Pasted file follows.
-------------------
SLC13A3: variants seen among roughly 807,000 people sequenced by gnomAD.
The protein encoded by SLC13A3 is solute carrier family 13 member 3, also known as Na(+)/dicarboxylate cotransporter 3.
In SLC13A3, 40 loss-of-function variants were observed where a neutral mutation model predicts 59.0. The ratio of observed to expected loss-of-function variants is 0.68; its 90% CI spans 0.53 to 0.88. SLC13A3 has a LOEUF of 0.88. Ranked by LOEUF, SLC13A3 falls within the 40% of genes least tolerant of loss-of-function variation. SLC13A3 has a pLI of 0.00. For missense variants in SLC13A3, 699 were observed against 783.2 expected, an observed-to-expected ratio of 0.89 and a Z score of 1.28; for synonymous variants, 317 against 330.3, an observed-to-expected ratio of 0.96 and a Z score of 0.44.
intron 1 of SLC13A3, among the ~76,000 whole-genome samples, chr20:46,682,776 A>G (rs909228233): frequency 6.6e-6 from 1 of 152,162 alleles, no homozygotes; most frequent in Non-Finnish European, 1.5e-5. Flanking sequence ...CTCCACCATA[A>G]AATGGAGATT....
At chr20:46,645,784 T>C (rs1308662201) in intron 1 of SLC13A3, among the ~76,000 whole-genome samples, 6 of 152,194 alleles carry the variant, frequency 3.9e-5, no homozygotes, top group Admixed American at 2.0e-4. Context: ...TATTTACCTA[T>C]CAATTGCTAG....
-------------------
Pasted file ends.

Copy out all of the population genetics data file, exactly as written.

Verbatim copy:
SLC13A3: variants seen among roughly 807,000 people sequenced by gnomAD.
The protein encoded by SLC13A3 is solute carrier family 13 member 3, also known as Na(+)/dicarboxylate cotransporter 3.
In SLC13A3, 40 loss-of-function variants were observed where a neutral mutation model predicts 59.0. The ratio of observed to expected loss-of-function variants is 0.68; its 90% CI spans 0.53 to 0.88. SLC13A3 has a LOEUF of 0.88. Ranked by LOEUF, SLC13A3 falls within the 40% of genes least tolerant of loss-of-function variation. SLC13A3 has a pLI of 0.00. For missense variants in SLC13A3, 699 were observed against 783.2 expected, an observed-to-expected ratio of 0.89 and a Z score of 1.28; for synonymous variants, 317 against 330.3, an observed-to-expected ratio of 0.96 and a Z score of 0.44.
intron 1 of SLC13A3, among the ~76,000 whole-genome samples, chr20:46,682,776 A>G (rs909228233): frequency 6.6e-6 from 1 of 152,162 alleles, no homozygotes; most frequent in Non-Finnish European, 1.5e-5. Flanking sequence ...CTCCACCATA[A>G]AATGGAGATT....
At chr20:46,645,784 T>C (rs1308662201) in intron 1 of SLC13A3, among the ~76,000 whole-genome samples, 6 of 152,194 alleles carry the variant, frequency 3.9e-5, no homozygotes, top group Admixed American at 2.0e-4. Context: ...TATTTACCTA[T>C]CAATTGCTAG....